Don’t be put off from applying to university if you’re taking BTECs rather than A-levels. More than 100,000 BTEC students apply to UK universities each year, and BTEC HND students can progress directly into the final year of more than 70% of degree programmes.
Here's what to consider if you're taking BTECs. Plus, we're revealing the real story behind entry requirements...
There are two main pathways by which BTECs can provide progression on to university degrees:
- BTEC level 3, which is the equivalent of studying A-levels and provides access on to a degree programme in the first year.
- BTEC level 4 HNC and level 5 HND which often provides access to degree programmes in the second or final year of the course.
Do all unis accept BTECs?
Ninety-five per cent of universities and colleges in the UK accept BTEC students, including competitive universities from the Russell Group. More than 50% of 20- to 30-year-olds going on to higher education have progressed via studying a BTEC.
Nearly all universities accept BTECs in relevant subject areas, similar to how they would with equivalent A-level qualifications.
BTEC students can often be better prepared in terms of the independent studying that’s required at degree level, due to the portfolio-based nature of BTEC courses. The time management and self-organisation you’ll pick up on a BTEC course can also give you an added edge.
Things to consider if you’re taking BTECs
BTEC students achieving good grades are just as sought after as students with good A-level results – here’s how to widen your options even further.
Take a close look at course entry requirements
It is important to research, as early as possible, what the entry requirements are for courses you’re interested in. For some BTEC students studying at National Diploma level, it might be that you are required to study an additional A-level, or equivalent, in order to meet the minimum UCAS points or specific grades offered. This is in the same way that an A-level student may need to have taken a certain number of A-levels, or studied particular subjects in order to get on to a course.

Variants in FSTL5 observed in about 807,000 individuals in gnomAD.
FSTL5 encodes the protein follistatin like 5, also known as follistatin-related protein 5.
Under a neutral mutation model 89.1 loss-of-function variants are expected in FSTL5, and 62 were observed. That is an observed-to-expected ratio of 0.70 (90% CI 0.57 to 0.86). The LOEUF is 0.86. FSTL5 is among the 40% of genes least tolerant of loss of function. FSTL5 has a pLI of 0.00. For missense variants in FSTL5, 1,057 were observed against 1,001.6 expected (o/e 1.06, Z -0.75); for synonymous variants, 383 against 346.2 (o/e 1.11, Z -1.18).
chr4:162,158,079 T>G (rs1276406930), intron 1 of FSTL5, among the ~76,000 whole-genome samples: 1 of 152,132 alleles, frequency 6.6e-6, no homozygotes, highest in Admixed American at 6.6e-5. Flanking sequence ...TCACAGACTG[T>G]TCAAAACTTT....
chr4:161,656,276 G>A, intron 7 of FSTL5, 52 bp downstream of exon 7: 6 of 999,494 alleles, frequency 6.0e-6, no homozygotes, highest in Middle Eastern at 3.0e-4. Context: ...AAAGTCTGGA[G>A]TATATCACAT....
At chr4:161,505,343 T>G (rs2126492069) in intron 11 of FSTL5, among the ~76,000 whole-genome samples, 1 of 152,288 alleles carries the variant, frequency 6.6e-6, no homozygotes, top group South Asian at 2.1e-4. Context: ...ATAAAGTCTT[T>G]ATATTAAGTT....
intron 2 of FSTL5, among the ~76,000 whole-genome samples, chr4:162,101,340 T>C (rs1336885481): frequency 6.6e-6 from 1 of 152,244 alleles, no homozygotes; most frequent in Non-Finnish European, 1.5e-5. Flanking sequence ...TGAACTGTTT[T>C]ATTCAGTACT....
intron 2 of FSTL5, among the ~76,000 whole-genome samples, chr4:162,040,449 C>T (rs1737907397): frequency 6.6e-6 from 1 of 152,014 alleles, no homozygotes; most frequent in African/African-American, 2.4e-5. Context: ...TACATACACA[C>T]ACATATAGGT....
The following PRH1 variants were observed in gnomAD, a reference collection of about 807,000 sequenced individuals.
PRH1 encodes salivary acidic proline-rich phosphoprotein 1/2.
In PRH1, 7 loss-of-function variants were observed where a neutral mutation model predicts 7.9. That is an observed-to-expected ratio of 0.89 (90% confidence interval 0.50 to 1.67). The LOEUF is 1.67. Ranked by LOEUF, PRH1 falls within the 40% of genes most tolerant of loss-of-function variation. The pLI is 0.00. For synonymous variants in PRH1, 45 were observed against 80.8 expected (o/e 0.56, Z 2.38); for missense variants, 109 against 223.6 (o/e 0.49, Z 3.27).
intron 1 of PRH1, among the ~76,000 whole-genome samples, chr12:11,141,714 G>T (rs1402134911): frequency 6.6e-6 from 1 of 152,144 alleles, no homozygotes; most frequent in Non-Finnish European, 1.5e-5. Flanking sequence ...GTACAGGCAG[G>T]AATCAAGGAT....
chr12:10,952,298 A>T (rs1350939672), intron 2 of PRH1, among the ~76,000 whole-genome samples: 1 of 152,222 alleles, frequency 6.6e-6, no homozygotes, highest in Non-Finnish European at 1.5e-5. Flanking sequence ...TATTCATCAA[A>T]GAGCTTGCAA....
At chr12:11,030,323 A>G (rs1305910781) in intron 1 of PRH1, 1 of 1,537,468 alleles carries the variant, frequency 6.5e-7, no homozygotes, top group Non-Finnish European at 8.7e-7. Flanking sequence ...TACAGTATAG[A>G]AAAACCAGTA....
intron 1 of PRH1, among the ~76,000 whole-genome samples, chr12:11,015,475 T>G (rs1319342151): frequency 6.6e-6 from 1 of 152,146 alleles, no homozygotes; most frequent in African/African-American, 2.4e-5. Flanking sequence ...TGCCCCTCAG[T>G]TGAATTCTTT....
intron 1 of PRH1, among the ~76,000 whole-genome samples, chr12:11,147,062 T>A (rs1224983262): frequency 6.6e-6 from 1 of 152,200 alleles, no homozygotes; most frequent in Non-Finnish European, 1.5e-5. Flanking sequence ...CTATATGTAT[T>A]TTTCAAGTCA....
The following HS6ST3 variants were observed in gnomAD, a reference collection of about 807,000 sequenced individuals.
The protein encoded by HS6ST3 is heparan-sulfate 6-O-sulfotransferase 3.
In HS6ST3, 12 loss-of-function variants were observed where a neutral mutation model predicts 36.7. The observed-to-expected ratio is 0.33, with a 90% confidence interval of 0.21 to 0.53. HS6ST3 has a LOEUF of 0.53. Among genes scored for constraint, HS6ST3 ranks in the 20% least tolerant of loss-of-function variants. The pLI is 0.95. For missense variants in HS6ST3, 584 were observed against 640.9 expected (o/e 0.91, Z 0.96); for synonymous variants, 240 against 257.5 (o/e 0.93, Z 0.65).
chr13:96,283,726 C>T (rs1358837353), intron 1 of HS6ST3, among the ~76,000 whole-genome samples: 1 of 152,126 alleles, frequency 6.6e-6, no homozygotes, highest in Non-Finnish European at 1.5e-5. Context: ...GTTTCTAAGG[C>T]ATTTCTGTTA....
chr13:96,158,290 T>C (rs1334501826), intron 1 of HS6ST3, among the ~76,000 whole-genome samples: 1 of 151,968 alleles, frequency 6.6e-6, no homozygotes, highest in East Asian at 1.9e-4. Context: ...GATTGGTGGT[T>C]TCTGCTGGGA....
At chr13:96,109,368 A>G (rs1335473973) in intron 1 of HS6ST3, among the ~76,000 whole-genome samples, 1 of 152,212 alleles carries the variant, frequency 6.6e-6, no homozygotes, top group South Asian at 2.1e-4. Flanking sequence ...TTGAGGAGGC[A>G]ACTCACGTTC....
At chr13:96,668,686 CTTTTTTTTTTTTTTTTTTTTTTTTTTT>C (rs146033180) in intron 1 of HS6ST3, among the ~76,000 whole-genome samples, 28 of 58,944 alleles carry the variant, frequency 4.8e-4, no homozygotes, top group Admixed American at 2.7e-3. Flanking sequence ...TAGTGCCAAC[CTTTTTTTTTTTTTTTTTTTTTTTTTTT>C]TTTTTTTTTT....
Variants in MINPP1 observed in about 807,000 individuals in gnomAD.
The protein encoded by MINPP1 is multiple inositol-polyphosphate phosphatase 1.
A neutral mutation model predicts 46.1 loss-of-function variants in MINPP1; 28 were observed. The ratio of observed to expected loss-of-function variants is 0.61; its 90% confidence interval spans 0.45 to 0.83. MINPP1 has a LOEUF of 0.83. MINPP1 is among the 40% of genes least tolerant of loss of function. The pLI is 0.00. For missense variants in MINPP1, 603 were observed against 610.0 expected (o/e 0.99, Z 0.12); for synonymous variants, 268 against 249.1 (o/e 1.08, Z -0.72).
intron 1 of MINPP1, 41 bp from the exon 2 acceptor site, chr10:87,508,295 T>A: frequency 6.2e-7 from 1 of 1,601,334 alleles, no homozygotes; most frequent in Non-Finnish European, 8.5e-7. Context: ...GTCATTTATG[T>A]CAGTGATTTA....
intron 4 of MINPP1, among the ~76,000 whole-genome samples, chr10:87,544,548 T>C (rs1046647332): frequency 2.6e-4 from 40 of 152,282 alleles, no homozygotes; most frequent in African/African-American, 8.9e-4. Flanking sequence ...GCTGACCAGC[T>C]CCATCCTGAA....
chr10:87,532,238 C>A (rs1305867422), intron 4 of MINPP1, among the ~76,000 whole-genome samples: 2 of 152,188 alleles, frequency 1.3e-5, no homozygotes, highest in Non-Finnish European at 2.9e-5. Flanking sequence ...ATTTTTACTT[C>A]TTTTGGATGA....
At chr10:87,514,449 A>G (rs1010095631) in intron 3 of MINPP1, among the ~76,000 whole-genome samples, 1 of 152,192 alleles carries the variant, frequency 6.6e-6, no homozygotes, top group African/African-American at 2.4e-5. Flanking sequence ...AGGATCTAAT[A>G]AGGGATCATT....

It’s a good idea to get in touch with the uni directly if you’re not sure of their BTEC entry criteria. This can vary from one course to the next at a university and it’s always best to check if you’re unclear.
Mention your practical experience on your personal statement
BTEC students have the experience of real-life practical tasks and work placements. This will set you aside from students studying A-levels, who don’t usually have this element as a part of their course.
For a subject such as health and social care, the work placements in areas such as childcare or healthcare settings can make for strong and well-rounded applications to courses including nursing, social work or health and social care degrees.
Your subject options are flexible
It’s also important to note that, as with A-levels, there are many transferable opportunities in terms of subjects, for example, if you have studied for a BTEC in one subject area, you can apply for a different subject at uni.
Studying an applied science BTEC can lead on to degree programmes in chemistry, biochemistry, food science or zoology, to name just a few examples.
Which? University provides guest spots to external contributors. This is from the Higher Education Liaison Officers Association (HELOA), the professional association of staff in higher education who work in the field of education liaison and provide guidance and information to prospective students, their families and advisers.
- Many of the course profiles on Which? University feature BTEC entry requirements
- Our advice on studying subjects that aren't GCSEs